[easyreview title=”The Cabin in the Woods” cat1title=”Final Score” cat1detail=”Cabin in the Woods is innovative, funny, scary, smart, twisted, and everything you’ve come to expect from someone in Joss Whedon’s inner circle. This is a love letter to classic horror movies, a feature length inside joke quiz and a challenge to the genre to step up its game. Get out there and see it now.” cat1rating=”5″ overall=”false” icon=”star2″]
Let me preface this review with some context: This film was originally completed in 2009 and sat in Unreleased Movie Hell for 3 years. When MGM filed for bankruptcy in late 2010, the rights to the film were handed over to Lionsgate. Unfortunately, many of the film’s champions were lost in the transfer. Over the years, attempts were made to turn it into a midnight movie, a 3D movie, an independent film tour, and a direct-to-video release–none of which came to fruition.
Finally, producer Joss Whedon had the good fortune to become the director of The Avengers, and lead actor Chris Hemsworth became a superstar as Thor, so someone at Lionsgate finally sat down and watched the damn thing. This led to the movie getting an official release date of April 13, 2012. People like me who’ve had to suffer–listening to the few who’ve seen the film talk about how amazing/funny/revolutionary/evolutionary it is–would finally be able to check it out. After hearing that this film would do things for the genre that Halloween, A Nightmare on Elm Street and Scream did, I knew I needed to see it. Add in that it was Friday the 13th, and you’ve got a perfect evening for this movie-going experience.
There is something that makes me extremely nervous, though, and that is this: The film seems to have piqued the curiosity of many, but not enough to pack theatres. People know it’s more than a classic teen horror movie, but (and trust me on this one) when the film opens, the uninitiated may wonder if they walked into the right theatre. It takes 3-5 minutes to get a grasp on where you are, and even then, you’re more lost than our protagonists will end up being. To give a lot of detail about the film is to start the gears of the mind working in a way that will ruin the experience of going to see it. That said, if it is possible to be a loving homage to horror films of the 70s, 80s, and 90s, while also being so harshly critical of them that there’s no chance you’ll ever just sit down at a teen slasher flick again without having flashbacks to this film, then this flick manages to pull it off.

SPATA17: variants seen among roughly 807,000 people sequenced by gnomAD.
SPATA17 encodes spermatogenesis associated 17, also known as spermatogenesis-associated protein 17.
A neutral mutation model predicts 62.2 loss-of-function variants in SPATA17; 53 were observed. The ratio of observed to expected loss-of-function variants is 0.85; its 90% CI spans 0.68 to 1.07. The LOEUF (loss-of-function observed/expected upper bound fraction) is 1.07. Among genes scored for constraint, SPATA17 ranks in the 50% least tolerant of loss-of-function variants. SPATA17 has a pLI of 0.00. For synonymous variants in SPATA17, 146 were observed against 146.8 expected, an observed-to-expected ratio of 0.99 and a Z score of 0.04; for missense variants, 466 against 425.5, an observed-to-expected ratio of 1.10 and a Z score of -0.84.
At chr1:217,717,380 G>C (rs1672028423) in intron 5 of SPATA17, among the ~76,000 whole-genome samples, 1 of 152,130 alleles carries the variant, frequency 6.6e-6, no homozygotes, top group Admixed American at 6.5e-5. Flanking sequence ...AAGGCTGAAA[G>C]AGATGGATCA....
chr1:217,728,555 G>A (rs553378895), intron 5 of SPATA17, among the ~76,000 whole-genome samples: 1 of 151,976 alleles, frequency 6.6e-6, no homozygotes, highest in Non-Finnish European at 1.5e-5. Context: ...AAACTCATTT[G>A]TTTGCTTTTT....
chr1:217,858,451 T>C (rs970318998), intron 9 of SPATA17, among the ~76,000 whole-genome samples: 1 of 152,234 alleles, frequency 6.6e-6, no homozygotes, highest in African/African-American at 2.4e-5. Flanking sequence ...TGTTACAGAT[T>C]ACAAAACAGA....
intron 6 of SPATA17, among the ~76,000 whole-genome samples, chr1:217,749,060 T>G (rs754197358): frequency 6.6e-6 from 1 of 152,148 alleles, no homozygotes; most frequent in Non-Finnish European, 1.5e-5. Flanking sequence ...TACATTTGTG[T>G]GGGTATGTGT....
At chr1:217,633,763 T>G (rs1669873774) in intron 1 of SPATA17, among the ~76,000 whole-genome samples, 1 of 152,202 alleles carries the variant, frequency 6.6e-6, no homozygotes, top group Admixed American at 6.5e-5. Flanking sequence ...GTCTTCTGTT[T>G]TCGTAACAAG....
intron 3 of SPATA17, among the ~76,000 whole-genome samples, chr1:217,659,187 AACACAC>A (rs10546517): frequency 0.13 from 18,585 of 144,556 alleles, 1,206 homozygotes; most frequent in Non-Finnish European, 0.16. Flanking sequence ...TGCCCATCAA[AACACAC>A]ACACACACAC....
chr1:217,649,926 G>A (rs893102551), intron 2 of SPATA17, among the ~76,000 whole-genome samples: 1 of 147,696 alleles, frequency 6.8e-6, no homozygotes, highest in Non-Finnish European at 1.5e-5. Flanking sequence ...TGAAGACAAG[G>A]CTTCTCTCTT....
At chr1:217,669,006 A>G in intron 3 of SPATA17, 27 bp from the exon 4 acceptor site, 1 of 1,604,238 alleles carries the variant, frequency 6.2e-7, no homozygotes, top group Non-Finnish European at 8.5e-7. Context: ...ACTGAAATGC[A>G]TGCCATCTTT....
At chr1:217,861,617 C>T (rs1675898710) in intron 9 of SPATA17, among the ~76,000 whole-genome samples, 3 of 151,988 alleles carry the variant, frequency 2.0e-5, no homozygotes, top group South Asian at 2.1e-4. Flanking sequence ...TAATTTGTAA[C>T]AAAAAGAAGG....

Sadly, this movie won’t be allowed to turn Chris Hemsworth into a huge star as it was destined to do when it was completed years ago. Kristen Connolly is the classic wide-eyed ingenue and Fran Kranz could have a fight with Bradley Whitford and Richard Jenkins for the scene stealing award. Yes, there are Whedon-verse cameoes, including one that they’ve managed to keep from the world for several years (so I won’t be the guy to ruin that for you).
This film is innovative, funny, scary, smart, twisted, and everything you’ve come to expect from someone in Joss Whedon’s inner circle. Drew Goddard should be extremely proud of this effort and allow no one to come in and sully this horror movie game-changer with worthless sequels and direct-to-Netflix spinoffs. There is a reason the people who’ve seen this film over the years haven’t been able to stop talking about how great it is. Its true premise is smart, it has a level of carnality you can only dream of, and it is the horror movie we need for this generation. For three years, this film had to wait to be seen by audiences… and that’s already too long. This is a love letter to classic horror movies, a feature length inside joke quiz and a challenge to the genre to step up its game. Get out there and see it now.